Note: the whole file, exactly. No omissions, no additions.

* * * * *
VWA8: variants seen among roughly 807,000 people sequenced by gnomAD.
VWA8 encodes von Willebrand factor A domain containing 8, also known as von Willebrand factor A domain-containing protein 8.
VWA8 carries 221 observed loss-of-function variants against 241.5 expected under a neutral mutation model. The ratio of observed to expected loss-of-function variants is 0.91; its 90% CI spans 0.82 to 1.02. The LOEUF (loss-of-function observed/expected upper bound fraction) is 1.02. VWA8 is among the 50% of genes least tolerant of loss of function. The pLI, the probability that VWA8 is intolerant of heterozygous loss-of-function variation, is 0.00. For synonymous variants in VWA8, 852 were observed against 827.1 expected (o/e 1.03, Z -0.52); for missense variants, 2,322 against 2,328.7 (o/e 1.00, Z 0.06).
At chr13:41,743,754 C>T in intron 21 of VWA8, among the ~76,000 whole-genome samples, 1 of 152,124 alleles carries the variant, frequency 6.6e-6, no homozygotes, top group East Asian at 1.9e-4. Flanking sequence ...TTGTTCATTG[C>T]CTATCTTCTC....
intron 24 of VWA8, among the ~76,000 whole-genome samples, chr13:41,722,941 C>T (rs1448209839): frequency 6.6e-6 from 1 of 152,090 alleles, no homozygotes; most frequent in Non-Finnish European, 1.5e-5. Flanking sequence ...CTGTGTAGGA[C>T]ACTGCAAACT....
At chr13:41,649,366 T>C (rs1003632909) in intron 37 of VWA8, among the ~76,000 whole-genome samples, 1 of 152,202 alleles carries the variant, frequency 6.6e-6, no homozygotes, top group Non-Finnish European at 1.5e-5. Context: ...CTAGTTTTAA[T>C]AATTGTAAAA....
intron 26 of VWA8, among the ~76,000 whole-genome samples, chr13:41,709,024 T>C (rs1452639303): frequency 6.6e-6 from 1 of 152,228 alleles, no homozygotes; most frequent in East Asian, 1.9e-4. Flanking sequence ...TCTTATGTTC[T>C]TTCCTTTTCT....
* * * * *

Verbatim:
VWA8: variants seen among roughly 807,000 people sequenced by gnomAD.
VWA8 encodes von Willebrand factor A domain containing 8, also known as von Willebrand factor A domain-containing protein 8.
VWA8 carries 221 observed loss-of-function variants against 241.5 expected under a neutral mutation model. The ratio of observed to expected loss-of-function variants is 0.91; its 90% CI spans 0.82 to 1.02. The LOEUF (loss-of-function observed/expected upper bound fraction) is 1.02. VWA8 is among the 50% of genes least tolerant of loss of function. The pLI, the probability that VWA8 is intolerant of heterozygous loss-of-function variation, is 0.00. For synonymous variants in VWA8, 852 were observed against 827.1 expected (o/e 1.03, Z -0.52); for missense variants, 2,322 against 2,328.7 (o/e 1.00, Z 0.06).
At chr13:41,743,754 C>T in intron 21 of VWA8, among the ~76,000 whole-genome samples, 1 of 152,124 alleles carries the variant, frequency 6.6e-6, no homozygotes, top group East Asian at 1.9e-4. Flanking sequence ...TTGTTCATTG[C>T]CTATCTTCTC....
intron 24 of VWA8, among the ~76,000 whole-genome samples, chr13:41,722,941 C>T (rs1448209839): frequency 6.6e-6 from 1 of 152,090 alleles, no homozygotes; most frequent in Non-Finnish European, 1.5e-5. Flanking sequence ...CTGTGTAGGA[C>T]ACTGCAAACT....
At chr13:41,649,366 T>C (rs1003632909) in intron 37 of VWA8, among the ~76,000 whole-genome samples, 1 of 152,202 alleles carries the variant, frequency 6.6e-6, no homozygotes, top group Non-Finnish European at 1.5e-5. Context: ...CTAGTTTTAA[T>C]AATTGTAAAA....
intron 26 of VWA8, among the ~76,000 whole-genome samples, chr13:41,709,024 T>C (rs1452639303): frequency 6.6e-6 from 1 of 152,228 alleles, no homozygotes; most frequent in East Asian, 1.9e-4. Flanking sequence ...TCTTATGTTC[T>C]TTCCTTTTCT....